I had been there about an hour. Gone through the dog runs. Passed out treats. Scratched a few ears and muzzles as best I could through the chain that separated us. Now I was standing in the office. I wanted to take out A243244 and give him some attention. He’s the one that brought me back. The one I first saw when I went there with advocate, Josh Liddy. The fawn and white pit bull curled up in a tight ball, tail tucked under, never lifting his head off the ground. But his eyes would follow me. Those eyes. Full of fear. Sadness. Confusion. The scars on his face told a bit of his story, although the details will probably never be known. Dog fights, yes. But where those fights occurred will remain a mystery.
I was second in line. I watched the soft-spoken young man ahead of me. His voice didn’t match his look. Tattoos on his neck and forearms. Baseball cap. Flannel shirt. A thick gold chain around his neck. I wondered why he was there. And then I heard. The woman behind the desk handed him some paperwork. He was here to turn in his dogs—two of them. She explained the process. He thanked her and walked out as she got on the intercom to call a shelter worker to bring his dogs to intake.
It was my turn. I asked to meet A243244. She pulled up his records. Turns out he is she. Maybe. I’m not sure why the paper on the cage had different information than her computer screen, but she described him. It was the correct dog. I hadn’t seen any others that looked like him. She explained that the dog hadn’t been temperament tested yet, so I couldn’t see him out of the cage. I could leave my name and I would be called in 3-4 days if he passed. I wasn’t sure what to do, since I had no intention of adopting him. I just wanted to show him some kindness right now. I knew that by his behavior and the way he looked, chances were slim he’d make it out alive.
Just then I saw the soft-spoken young man with the tattoos enter the runs. I told the lady I would look at some others.
I was curious why the young man was looking at other dogs when he had just turned in his own. Curious and yes, judgmental. My hackles went up thinking that he could callously desert his two pets and replace them. I’ve seen it happen before.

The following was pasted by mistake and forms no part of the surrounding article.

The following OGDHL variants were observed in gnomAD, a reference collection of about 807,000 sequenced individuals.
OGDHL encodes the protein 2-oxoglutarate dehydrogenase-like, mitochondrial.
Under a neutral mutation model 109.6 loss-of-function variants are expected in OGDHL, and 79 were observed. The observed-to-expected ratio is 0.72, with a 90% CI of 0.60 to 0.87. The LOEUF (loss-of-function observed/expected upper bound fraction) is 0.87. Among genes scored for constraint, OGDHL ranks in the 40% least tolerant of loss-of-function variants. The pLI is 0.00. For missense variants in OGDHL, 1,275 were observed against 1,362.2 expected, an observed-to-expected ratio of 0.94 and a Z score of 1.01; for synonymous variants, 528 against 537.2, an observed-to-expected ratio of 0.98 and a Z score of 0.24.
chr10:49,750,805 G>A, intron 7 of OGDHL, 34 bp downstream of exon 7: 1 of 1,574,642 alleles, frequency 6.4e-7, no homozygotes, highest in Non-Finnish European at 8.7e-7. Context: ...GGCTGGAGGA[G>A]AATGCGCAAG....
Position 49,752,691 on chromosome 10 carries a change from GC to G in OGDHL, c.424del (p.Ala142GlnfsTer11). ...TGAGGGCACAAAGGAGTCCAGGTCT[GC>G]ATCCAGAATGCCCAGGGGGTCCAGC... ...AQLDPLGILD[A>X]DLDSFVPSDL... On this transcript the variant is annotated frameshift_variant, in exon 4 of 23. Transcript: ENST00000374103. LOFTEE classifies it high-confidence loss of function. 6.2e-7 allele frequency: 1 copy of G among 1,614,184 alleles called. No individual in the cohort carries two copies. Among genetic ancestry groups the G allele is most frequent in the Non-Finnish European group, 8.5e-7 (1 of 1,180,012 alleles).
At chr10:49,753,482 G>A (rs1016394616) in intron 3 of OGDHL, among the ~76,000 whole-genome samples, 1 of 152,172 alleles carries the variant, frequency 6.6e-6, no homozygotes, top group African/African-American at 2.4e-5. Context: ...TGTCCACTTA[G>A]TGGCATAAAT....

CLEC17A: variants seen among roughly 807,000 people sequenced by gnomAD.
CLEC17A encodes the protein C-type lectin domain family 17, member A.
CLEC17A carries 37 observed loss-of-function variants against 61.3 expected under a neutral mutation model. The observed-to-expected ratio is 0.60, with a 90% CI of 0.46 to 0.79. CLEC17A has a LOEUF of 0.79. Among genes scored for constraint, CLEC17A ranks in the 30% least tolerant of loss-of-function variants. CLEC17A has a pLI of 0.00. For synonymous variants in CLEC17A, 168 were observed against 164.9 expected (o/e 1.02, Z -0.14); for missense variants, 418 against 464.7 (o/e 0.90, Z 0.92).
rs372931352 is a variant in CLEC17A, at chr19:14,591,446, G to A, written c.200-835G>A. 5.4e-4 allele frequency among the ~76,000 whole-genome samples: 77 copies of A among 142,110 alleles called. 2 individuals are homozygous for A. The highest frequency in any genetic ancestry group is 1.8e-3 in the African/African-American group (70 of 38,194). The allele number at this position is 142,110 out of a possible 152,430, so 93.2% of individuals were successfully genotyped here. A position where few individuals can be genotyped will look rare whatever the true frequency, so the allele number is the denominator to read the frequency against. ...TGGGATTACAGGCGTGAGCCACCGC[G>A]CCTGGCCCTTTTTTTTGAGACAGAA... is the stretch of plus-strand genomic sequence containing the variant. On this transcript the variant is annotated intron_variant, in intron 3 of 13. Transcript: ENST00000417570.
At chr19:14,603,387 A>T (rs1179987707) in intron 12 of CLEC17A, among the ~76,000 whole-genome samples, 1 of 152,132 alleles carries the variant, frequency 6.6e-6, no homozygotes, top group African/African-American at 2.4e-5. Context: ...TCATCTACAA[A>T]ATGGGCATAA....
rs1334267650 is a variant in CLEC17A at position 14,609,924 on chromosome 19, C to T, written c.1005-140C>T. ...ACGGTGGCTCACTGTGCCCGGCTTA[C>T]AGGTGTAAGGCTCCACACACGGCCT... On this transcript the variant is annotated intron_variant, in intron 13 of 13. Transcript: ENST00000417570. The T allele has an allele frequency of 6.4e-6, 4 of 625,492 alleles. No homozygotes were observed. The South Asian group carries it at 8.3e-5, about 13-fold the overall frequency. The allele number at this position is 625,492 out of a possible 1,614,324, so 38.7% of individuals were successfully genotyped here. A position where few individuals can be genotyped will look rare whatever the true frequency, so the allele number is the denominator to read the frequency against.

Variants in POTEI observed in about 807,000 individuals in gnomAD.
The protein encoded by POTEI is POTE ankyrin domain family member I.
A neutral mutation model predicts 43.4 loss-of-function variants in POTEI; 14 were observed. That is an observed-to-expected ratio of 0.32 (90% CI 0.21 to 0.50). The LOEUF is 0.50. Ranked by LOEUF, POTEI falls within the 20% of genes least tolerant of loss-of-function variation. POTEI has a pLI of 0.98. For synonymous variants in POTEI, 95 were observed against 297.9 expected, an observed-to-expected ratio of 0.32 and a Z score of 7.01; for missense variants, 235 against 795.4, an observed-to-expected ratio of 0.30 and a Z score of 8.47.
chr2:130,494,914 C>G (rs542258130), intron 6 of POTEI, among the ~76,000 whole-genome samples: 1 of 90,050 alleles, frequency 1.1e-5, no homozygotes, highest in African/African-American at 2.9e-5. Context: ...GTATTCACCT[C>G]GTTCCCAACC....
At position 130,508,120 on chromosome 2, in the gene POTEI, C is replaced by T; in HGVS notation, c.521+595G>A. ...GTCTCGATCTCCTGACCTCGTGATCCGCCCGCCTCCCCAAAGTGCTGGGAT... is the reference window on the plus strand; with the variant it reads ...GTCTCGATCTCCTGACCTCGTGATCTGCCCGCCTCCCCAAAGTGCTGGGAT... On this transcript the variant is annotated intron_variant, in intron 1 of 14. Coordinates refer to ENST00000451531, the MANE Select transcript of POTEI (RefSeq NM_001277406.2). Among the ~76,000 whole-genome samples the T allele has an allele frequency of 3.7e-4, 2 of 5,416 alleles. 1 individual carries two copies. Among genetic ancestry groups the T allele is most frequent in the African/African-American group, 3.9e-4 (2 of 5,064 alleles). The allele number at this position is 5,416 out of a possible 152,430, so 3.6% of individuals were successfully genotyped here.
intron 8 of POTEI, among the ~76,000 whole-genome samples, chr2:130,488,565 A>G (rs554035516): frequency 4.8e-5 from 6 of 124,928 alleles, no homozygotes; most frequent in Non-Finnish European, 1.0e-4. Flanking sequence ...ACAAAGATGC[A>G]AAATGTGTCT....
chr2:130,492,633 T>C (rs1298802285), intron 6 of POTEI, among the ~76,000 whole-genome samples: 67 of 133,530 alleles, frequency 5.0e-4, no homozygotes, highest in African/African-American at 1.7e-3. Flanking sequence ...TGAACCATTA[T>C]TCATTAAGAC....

And so I followed him. I pretended I was also looking for a dog. He walked up and down the rows. Stopping to look at the pits and rotties. I made eye contact with him and said hello. Again his soft, gentle voice threw me as he said hello. I walked behind him. I had to know what he was doing.
And so I asked him, “Did you lose your dog?”
“No,” he replied.
I don’t think I responded.
We walked through the kennels together. We were quiet. I wondered what he was thinking as we passed cage after cage. Then I asked him if he was getting a dog. Again his response was no.
He turned to face me. “I just brought my two in.”
All I could say was, “Oh.” Our eyes met and held for a second. Then he turned away and kept walking.
When we got to the end of the row, I couldn’t help myself and asked him why he was getting rid of his dogs. He looked back at me and smiled a very sad smile. The look on his face was pure torture. He explained that he had just moved here from Texas and that the apartment manager told him to get rid of the dogs or find a new place to live. His voice cracked as he told me he’d had the dogs since before his son was born. They came with him from Texas. He’d had them since they were puppies. Then he looked at the floor, unable to continue.
By this time we were at the front of the shelter where two dogs in temporary kennels were being processed. His dogs. As soon as they saw him their tails started wagging with joy. He bent down to put his fingers through the bars. I heard him call the pit bull Hazel. She had recently had puppies and looked like she still was producing milk. The other dog was a German shepherd and started barking for his attention. The young man obliged, as I pet Hazel.
He then turned to me and said, “Hazel hates being in a cage.”
He stood up and walked over to me. Again our eyes met. Mine had begun to tear up. He met my gaze and I could see that he too had tears in his eyes. He touched my arm and said quickly, “I gotta go….I just can’t…” His voice trailed off as he quickly made his way to the parking lot.
I watched him walk away. His dogs’ eyes glued to him. Hazel started to howl. He turned back to take one last look at his beloved dogs. There was no hiding his tears. I don’t know if my heart ached more for him or his dogs.
For the last time he met my eyes and said, “It was nice meeting you.” And then he was gone.
I stood there a minute. It was Hazel’s howls that brought my mind back. When I turned to look at her, that’s when my tears really began. She was trying to get the young man to come back. The shepherd was just gazing in the direction he had gone. Silent. Watching.
I walked to the bathroom so I could pull myself together. When I emerged about 10 minutes later, the two dogs were still starring in the same direction. Not moving. Alert. Wondering.
The tears began again and I decided it was time for me to go home. I don’t know when the tears stopped. Somewhere along the 405. And somewhere along the way, I decided that yes, I was going back. To check on Hazel. To make sure she and the shepherd were OK. To do what I can for the countless others I met behind the cages. Yes. I’m going back. No matter what.